Mortgage rates are based on bonds and bonds are having a tough time in the past few days. Bonds such as US Treasuries often benefit from terrible things that happen around the world–anything that calls economic growth into question or that increases geopolitical risk in a significant way.
The situation in Ukraine definitely ticks both those boxes, and that’s why rates had been lower than they were at the end of February. But bonds also care about inflation, and unfortunately, the war and associated sanctions are also having a very big impact on things that are likely to affect inflation.
If you’ve seen gas prices or heard about surging commodities prices in the financial markets, you are already aware of the situation. Gas/oil are required to move “stuff” and people. That makes goods and services more expensive (aka “inflation”). Because bonds such as Treasuries and mortgages are repaid on fixed terms, rising inflation makes them less valuable for investors.
Think of it like this: if you buy a bond for $100 and receive interest payments over time of $110, you can buy $110 worth of “stuff.” Inflation means that $110 buys less stuff in the future than it does today. To compensate for this, investors demand higher rates of return so that they can still buy $110 worth of “stuff” when it costs $120 in the future.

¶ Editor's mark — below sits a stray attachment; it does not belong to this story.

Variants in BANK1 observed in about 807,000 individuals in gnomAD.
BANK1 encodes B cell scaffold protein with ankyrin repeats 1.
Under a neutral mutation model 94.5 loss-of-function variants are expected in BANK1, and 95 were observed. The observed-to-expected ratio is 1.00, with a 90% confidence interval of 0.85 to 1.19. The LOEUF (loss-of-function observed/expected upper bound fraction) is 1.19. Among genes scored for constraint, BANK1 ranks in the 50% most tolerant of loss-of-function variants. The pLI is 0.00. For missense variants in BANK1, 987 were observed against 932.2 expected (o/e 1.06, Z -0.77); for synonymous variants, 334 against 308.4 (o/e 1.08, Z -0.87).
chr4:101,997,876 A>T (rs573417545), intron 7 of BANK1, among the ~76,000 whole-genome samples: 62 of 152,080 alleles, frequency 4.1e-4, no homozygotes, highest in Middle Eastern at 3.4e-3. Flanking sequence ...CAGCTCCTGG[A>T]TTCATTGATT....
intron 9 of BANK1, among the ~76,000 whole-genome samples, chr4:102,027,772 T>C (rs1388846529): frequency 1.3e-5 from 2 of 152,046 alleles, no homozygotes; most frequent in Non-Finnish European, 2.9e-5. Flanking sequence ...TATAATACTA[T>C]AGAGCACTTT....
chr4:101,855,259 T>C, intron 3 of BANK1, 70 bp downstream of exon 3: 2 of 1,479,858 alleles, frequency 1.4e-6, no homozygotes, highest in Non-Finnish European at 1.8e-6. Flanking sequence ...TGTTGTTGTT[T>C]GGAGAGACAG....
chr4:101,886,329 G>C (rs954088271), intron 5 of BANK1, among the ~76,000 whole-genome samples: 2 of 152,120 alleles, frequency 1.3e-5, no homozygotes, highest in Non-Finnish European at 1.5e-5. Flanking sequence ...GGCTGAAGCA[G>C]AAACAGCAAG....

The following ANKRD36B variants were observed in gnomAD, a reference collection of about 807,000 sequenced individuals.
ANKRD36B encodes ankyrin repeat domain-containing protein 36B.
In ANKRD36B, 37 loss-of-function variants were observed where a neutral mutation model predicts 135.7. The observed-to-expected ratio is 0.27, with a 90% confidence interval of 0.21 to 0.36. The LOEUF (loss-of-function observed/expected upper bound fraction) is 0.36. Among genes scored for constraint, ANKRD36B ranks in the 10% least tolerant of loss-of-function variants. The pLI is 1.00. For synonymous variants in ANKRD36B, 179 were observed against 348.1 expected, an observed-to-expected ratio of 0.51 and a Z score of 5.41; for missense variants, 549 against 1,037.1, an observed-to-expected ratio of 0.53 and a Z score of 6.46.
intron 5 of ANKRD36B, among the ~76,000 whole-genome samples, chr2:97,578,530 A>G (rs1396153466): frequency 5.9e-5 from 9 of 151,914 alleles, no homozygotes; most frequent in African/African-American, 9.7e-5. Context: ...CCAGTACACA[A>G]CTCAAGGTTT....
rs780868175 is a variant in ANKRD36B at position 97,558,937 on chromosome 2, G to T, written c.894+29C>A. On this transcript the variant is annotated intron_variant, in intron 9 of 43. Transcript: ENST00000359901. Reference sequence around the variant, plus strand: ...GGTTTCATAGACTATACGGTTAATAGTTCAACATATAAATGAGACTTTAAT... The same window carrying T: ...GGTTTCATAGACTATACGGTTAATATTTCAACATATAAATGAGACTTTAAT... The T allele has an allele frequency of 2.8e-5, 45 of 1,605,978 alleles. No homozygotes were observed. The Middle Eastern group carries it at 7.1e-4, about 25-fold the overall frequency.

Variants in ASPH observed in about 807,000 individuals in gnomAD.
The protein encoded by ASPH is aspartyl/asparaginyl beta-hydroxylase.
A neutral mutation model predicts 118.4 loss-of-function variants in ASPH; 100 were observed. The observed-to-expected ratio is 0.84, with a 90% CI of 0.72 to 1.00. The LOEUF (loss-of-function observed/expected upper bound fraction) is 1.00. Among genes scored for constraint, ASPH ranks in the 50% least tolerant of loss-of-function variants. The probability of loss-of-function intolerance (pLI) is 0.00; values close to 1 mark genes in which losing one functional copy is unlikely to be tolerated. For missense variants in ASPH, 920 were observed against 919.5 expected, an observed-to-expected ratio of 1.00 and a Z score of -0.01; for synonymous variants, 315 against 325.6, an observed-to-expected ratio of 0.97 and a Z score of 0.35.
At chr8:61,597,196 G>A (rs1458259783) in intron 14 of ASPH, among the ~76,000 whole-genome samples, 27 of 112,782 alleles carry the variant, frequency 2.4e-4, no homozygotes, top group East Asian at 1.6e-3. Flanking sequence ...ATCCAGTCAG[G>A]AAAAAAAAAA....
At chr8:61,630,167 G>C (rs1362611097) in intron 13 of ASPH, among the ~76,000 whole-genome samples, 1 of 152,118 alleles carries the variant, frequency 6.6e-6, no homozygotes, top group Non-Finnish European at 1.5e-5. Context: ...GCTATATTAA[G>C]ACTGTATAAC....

All that to say that while the Ukraine situation does indeed drive demand for bonds, the associated inflation implications are simultaneously pushing demand away (or at least pushing that demand toward higher rates/yields). The net effect today was a move back up to the highest mortgage rates since early 2019 with the average lender quoting 4.25% or more for a top tier conventional 30yr fixed scenario.